Norton, E., O’Connell, A.C.
Aims: This study sought to establish the prevalence of traumatic dental injuries in the primary dentition of Irish children and to investigate the relationship between dental trauma and non-nutritive sucking habits.
Materials and methods: Following ethical approval, a variety of schools and crèches in an urban setting were identified and parents of over 1,000 children were contacted. Consent was obtained, and parental questionnaires were completed prior to a clinical examination of the children by one operator in a non-dental setting. Signs of previous dental trauma were noted, and overbite and overjet were measured.
Results: A total of 839 children were examined. The prevalence of dental trauma was 25.6%, with boys more frequently affected. The most commonly observed dental injury was fracture of enamel (39.4%), followed by crown discolouration (20.2%). Only 38.8% of the children with a reported history of trauma sought dental care. Non-nutritive sucking habits were reported in 63.5% of the sample, and these habits, if prolonged, were significantly associated with anterior open bites and increased overjet (p<0.001). Using regression analysis, it was established that the risk of dental injury is 2.99 times greater if the child has an overjet >6mm and 2.02 times greater if the child has an anterior open bite.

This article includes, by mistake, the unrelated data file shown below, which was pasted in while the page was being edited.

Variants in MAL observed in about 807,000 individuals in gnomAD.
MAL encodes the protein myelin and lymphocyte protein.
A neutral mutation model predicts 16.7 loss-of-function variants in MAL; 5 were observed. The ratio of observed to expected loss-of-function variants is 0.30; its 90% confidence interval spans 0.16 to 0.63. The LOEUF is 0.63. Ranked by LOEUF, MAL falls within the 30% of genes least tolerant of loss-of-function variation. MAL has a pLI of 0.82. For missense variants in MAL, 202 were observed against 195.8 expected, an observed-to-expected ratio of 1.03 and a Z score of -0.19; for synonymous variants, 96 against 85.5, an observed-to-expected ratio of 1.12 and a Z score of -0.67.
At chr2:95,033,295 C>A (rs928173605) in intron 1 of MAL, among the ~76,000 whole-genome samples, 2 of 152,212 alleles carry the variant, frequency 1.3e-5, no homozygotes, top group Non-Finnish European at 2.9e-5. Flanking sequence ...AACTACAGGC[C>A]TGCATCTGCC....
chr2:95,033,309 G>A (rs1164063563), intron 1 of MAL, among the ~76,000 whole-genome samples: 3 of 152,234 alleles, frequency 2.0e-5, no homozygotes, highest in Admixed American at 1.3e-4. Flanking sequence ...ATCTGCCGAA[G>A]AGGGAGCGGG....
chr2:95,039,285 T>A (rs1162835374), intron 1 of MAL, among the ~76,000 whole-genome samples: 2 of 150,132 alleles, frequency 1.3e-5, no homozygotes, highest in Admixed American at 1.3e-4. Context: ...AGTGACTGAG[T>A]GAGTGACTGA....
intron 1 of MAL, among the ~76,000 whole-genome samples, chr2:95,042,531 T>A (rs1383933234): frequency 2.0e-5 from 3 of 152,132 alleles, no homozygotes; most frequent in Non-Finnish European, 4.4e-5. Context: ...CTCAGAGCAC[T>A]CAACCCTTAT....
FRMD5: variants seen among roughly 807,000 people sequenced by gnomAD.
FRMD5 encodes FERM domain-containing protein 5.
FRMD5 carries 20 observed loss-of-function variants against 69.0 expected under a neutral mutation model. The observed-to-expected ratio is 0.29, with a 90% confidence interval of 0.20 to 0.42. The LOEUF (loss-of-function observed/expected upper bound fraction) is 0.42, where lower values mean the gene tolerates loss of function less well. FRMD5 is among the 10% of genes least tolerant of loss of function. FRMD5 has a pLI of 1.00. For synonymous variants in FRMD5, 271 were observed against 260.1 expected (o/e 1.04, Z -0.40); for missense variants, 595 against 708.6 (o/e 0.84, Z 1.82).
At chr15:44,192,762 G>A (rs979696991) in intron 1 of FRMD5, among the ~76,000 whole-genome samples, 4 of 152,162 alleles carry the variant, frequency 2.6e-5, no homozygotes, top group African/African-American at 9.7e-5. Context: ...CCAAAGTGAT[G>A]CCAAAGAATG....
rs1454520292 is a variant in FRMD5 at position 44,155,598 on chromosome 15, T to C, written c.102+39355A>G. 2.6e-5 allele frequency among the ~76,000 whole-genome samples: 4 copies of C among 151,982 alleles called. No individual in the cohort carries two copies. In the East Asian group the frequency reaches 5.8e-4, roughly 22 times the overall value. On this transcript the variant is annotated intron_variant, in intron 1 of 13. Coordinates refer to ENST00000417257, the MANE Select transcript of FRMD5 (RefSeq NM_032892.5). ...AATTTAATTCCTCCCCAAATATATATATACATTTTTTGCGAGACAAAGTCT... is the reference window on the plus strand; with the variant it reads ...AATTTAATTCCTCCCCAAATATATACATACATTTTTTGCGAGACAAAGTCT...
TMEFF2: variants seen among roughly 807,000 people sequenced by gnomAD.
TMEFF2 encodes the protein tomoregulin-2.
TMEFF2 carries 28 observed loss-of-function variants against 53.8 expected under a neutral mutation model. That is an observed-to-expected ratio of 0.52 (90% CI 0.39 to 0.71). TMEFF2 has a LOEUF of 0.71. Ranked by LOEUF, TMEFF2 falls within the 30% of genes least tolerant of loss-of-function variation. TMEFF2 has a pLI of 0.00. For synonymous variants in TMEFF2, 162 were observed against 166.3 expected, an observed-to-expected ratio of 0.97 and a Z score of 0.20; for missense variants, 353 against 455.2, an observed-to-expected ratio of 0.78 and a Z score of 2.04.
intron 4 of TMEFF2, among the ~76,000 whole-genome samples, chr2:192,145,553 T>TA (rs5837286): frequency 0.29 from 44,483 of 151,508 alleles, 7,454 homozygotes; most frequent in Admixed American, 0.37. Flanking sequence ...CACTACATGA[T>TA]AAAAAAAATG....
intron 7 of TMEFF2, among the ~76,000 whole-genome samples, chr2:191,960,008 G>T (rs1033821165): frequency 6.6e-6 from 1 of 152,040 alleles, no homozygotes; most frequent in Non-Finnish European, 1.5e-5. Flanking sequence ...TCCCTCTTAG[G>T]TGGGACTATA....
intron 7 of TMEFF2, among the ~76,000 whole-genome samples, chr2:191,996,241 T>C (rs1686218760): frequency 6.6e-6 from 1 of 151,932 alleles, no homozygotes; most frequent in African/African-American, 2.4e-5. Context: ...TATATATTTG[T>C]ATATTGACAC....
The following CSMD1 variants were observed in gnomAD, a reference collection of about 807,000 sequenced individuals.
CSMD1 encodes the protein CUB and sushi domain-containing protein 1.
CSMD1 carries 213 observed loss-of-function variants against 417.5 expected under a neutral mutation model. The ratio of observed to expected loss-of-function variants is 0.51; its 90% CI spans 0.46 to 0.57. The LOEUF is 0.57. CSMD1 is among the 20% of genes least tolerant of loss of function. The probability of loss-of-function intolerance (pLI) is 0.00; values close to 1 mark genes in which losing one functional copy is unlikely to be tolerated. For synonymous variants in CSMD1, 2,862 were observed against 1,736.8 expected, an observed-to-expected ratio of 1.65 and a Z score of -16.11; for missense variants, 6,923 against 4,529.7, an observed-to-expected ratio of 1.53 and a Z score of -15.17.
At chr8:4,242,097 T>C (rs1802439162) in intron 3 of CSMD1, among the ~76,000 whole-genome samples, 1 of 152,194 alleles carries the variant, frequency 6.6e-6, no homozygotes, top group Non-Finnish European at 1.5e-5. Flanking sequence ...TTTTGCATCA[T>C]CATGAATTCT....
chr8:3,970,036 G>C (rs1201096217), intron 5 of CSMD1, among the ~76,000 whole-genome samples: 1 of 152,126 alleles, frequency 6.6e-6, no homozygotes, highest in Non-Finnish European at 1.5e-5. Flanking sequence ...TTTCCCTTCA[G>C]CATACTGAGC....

Conclusions: Non-nutritive sucking habits are associated with the establishment of anterior open bite and increased overjet in the primary dentition. These malocclusions are, in turn, significantly associated with an increased prevalence of dental trauma in the primary dentition.
Dent Traumatol 2012; 28 (1): 81-86.